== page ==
I recently observed cleaning during which the operator saturated the mop, wrung it and proceeded to mop an extremely large area without once returning to the bucket to resaturate the mop. In this situation, some areas had sufficient wetting with the disinfectant and others did not.
Another area of concern is contact time. Most SOPs I have reviewed will stipulate a defined contact time during which the surface is to be wet with the disinfectant or sanitizer. This time period is based on either manufacturer's instructions or internal validation work. However, there is generally no control over this parameter, and in most cases, it's unknown whether or not the stipulated contact time is being met. The disinfectant will only work if it is in wet contact with the surface to be decontaminated.
As the situation above indicates, contact time and application techniques may be related.
Let me speak to your manager
The question may also arise whether the area is experiencing microbial control problems due to personnel management issues. For example, while consulting at a facility recently, it was brought to my attention that the supervisor of one manufacturing area had directed his staff to place concentrated disinfectant directly from the one-gallon product container onto the floor and then disperse the concentrate with a water-dampened mop rather than to diluting and applying the disinfectant following SOP instructions.
The best way to prevent microbial problems from occurring is with proper facility design and well-developed training programs which address personal accountability as well as technical training.
This was done with no consideration for current good manufacturing practice (cGMP) compliance or worker safety, and is an example of deliberate nonconformance. Not all personnel management issues are so extreme, but this type of attitude by a management-level person generally leads to nonconformance from others in the area.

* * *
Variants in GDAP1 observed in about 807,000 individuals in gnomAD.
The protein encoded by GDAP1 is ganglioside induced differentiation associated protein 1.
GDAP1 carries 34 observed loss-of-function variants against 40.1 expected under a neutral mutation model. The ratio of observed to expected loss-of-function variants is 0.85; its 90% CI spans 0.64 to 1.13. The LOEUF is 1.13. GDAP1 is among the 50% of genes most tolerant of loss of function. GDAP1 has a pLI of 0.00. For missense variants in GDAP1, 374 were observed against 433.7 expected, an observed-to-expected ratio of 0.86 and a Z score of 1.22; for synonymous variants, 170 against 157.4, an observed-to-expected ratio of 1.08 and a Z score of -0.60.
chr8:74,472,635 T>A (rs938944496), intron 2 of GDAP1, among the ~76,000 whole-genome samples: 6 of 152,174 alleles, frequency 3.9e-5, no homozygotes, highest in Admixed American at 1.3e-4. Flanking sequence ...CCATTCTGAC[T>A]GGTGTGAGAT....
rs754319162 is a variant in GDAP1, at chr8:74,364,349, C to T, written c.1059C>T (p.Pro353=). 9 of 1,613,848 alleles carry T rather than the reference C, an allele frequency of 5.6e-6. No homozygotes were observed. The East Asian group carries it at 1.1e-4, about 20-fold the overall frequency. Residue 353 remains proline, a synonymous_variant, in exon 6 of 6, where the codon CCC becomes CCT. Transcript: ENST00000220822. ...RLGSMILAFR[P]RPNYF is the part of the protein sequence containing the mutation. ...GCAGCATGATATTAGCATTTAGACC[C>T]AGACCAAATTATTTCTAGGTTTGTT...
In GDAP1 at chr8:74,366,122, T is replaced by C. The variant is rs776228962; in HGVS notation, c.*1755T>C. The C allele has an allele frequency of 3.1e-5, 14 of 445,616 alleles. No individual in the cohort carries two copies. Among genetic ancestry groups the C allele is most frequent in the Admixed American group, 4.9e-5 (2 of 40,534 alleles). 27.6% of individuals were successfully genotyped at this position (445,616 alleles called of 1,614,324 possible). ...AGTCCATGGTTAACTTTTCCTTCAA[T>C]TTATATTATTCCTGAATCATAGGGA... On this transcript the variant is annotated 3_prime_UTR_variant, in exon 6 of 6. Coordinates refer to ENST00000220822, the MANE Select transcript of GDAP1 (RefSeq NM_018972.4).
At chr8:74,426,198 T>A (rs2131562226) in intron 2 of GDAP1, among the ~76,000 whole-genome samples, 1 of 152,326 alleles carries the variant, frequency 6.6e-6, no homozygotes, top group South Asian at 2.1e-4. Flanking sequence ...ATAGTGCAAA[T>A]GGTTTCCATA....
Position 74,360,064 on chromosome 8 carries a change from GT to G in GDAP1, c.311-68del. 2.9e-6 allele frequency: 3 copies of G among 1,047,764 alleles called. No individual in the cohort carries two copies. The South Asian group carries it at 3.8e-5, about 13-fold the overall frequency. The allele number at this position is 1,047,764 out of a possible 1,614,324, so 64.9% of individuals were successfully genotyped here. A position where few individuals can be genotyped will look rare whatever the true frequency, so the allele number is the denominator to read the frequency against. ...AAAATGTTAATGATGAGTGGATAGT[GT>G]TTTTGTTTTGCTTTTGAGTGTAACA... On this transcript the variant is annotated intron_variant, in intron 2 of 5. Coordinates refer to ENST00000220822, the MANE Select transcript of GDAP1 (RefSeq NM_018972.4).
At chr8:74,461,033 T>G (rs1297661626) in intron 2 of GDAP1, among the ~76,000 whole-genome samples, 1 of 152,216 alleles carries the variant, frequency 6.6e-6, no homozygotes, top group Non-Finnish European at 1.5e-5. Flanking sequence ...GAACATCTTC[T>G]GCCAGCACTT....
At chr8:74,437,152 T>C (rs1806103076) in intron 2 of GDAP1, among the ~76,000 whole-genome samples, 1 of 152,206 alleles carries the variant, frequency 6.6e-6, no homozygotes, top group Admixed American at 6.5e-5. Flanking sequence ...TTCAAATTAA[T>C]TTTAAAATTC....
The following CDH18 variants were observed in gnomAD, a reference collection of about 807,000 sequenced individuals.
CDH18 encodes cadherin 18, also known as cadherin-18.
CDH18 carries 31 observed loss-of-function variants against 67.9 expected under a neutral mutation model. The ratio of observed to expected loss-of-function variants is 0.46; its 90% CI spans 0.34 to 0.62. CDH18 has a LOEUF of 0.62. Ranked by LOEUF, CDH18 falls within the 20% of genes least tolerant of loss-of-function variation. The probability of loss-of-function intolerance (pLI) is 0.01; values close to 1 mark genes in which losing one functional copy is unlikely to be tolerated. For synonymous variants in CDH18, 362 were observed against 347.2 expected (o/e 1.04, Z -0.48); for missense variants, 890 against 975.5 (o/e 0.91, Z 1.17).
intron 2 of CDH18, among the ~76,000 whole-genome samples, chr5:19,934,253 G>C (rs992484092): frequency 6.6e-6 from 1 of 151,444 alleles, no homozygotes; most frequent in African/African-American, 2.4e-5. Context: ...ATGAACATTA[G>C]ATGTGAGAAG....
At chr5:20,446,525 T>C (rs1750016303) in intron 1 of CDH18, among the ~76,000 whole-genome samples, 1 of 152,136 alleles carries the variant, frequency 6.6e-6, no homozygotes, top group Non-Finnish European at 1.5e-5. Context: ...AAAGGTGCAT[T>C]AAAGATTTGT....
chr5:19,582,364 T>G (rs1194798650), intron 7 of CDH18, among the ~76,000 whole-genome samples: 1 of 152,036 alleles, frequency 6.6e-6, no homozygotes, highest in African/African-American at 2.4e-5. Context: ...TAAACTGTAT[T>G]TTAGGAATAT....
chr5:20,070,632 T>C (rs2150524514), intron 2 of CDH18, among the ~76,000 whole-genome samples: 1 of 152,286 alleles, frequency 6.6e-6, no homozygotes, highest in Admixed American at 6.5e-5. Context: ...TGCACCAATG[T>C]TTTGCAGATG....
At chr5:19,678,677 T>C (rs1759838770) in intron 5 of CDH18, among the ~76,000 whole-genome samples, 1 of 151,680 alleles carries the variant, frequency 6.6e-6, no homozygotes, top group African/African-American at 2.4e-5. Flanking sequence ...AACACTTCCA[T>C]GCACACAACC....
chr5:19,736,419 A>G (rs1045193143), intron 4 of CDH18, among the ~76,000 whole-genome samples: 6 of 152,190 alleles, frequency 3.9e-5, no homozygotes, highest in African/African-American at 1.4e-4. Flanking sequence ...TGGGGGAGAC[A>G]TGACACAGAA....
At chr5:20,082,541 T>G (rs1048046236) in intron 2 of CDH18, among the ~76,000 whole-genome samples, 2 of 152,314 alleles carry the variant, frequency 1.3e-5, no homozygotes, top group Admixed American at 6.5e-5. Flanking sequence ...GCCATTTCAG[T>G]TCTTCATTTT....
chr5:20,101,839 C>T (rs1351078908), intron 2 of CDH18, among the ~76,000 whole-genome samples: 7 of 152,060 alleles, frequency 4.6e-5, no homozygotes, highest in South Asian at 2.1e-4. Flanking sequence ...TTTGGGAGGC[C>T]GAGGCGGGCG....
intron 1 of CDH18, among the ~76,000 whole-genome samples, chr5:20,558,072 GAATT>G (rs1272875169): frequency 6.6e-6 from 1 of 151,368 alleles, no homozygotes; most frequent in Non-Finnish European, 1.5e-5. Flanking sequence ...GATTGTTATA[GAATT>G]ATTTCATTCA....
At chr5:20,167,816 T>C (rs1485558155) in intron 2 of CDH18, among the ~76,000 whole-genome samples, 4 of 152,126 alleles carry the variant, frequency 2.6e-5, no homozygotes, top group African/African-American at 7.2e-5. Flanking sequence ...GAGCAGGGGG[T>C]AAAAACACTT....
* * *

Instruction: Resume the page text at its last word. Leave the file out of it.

There are many other examples of non-deliberate behavior, such as operators removing goggles in order to see better, scratching their heads under their hoods, etc. I recently observed an operator in an ISO Class 7 fermentation suite place an operations manual onto the floor to review instructions in proximity to the bioreactor. After he had completed his adjustments, he placed the manual back onto a worktable.
I also recently observed an operator in an ISO Class 5 filling room raise her goggles while inside the filling area due to fogging. In these examples, the operators were not thinking about the contamination aspects of their behavior. Regardless of whether the behavior is deliberate or not, contamination control problems may be the unintentional result.
One thing to keep in mind is that within manufacturing areas we are trying to control particles that are largely non-visible (0.5 micron), including microorganisms. Therefore, there may not be visual indicators of problems, such as heavily soiled floors and walls. Since we can't see the skin flakes being shed or the myriad of other human contaminants we may be introducing, much less the actual microorganisms that we are trying to control, adherence to good procedures is paramount to maintaining control. Adherence to procedures is also a cGMP requirement.